9. The device of claim 5, wherein said n channel IGFET element is configured as a depletion mode device with an IGFET source terminal and IGFET gate terminal coupled to a first voltage potential, and an IFGET drain terminal coupled to said common control node, and said n channel NDR FET element includes an NDR FET gate terminal coupled to a bias voltage, an NDR FET source terminal coupled to said common control node, and an NDR drain terminal coupled to a second voltage potential.
10. The device of claim 4, further including an IGFET element configured as a transfer gate, such that a first source/drain terminal of said IGFET element is coupled to a first control node, a second source/drain terminal of said IGFET element is coupled to a second control node adapted for reading data from and/or writing data to said first control node, and an IGFET gate terminal for said IGFET element is coupled to an access signal; and further including a first NDR FET with a first NDR FET gate terminal coupled to a first bias voltage, a first NDR FET drain terminal of said first NDR FET coupled to said first control node, and a first NDR source terminal of said first NDR FET coupled to a first voltage potential; and further including a second NDR FET with a second NDR FET gate terminal coupled to a second bias voltage, a second NDR FET drain terminal of said second NDR FET coupled to a second voltage potential, and a second NDR source terminal of said second NDR FET coupled to said first control node.
11. The device of claim 10, wherein said first bias voltage and said second bias voltage are the same.
12. The device of claim 10, wherein said first bias voltage and said second voltage potential are the same.
13. The device of claim 10, wherein said second bias voltage is substantially larger than said first bias voltage.
14. The device of claim 1, wherein the semiconductor device includes a combination of logic circuits and embedded memory circuits that are implemented at least in part by NDR FET elements.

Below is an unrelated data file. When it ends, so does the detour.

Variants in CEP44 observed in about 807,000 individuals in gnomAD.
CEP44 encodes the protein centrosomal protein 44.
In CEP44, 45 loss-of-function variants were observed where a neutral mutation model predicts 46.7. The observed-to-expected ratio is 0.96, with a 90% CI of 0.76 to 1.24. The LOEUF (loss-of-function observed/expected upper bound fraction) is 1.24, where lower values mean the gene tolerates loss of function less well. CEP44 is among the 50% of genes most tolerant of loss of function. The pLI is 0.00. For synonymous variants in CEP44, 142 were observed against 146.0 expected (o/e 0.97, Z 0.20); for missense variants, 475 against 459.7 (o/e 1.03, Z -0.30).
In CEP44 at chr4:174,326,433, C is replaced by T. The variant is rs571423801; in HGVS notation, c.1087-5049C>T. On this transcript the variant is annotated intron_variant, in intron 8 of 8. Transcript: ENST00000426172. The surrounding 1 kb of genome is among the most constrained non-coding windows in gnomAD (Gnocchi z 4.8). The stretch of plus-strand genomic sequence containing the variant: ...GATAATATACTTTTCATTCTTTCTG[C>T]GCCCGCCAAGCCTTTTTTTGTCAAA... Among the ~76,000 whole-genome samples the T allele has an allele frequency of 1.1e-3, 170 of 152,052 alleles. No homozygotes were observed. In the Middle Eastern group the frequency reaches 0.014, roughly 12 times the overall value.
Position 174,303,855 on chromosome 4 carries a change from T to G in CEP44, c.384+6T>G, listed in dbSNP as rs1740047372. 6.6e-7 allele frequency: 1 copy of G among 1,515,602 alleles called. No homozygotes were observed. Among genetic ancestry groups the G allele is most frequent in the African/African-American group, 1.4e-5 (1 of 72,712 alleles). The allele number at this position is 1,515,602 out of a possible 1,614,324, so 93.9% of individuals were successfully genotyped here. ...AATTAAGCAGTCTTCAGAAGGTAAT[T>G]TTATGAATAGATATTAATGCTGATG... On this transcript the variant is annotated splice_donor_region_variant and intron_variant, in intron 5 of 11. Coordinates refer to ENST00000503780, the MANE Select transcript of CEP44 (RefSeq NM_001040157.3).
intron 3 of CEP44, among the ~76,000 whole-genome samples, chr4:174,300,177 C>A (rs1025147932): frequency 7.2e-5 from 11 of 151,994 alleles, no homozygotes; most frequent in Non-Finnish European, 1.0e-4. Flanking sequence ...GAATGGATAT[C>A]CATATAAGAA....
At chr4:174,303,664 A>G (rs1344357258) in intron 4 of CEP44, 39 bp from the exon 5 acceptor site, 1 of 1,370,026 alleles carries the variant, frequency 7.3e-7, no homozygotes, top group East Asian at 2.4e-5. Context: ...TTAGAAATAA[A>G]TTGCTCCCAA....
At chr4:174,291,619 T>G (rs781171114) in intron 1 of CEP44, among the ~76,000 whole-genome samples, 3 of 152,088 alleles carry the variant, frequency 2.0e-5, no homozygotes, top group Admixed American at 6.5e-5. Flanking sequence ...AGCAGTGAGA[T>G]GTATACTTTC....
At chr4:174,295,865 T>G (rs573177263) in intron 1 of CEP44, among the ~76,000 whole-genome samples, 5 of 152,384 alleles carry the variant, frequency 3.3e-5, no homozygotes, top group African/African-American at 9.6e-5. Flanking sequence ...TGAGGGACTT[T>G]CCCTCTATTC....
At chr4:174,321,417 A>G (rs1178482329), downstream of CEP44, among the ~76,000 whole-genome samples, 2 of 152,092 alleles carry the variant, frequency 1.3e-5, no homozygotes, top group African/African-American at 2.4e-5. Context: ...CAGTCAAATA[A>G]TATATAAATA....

15. The device of claim 1, wherein portions of said one or more IGFET elements and said one or more NDR elements are formed at the same time during a semiconductor manufacturing process on a common substrate.
16. The device of claim 15, wherein said common substrate includes a silicon based wafer.
17. The device of claim 1, wherein IGFET source/drain regions for at least some of said one or more IGFET elements are common to and used as source/drain regions by at least some of said one or more NDR FET elements.
18. An semiconductor device comprising:
an insulated-gate field-effect transistor (IGFET) element used in a first circuit; and
a negative differential resistance field-effect transistor NDR-FET) element used in a second circuit;
said IGFET element and said NDR FET element sharing at least: (a) a common gate insulation layer; and (b) a common substrate.
19. The device of claim 18, wherein said first circuit and said second circuit are the same.
20. The device of claim 19, wherein said first circuit and said second circuit are a memory cell.
21. The device of claim 18, wherein said NDR FET and said IGFET also share a common isolation area formed in said common substrate.
22. The device of claim 18, wherein said NDR FET element includes an additional gate insulation layer in addition to said common gate insulation layer.
23. The device of claim 18, wherein said common substrate is a silicon or silicon-germanium based substrate.
24. The device of claim 18, wherein said IGFET element and said NDR FET element further share a common source/drain region.
25. A semiconductor wafer comprising:
a plurality of semiconductor die;
each of said plurality of semiconductor die including:
(a) one or more insulated-gate field-effect transistor (IGFET) elements; and
(b) one or more negative differential resistance field-effect transistor (NDR-FET) elements; and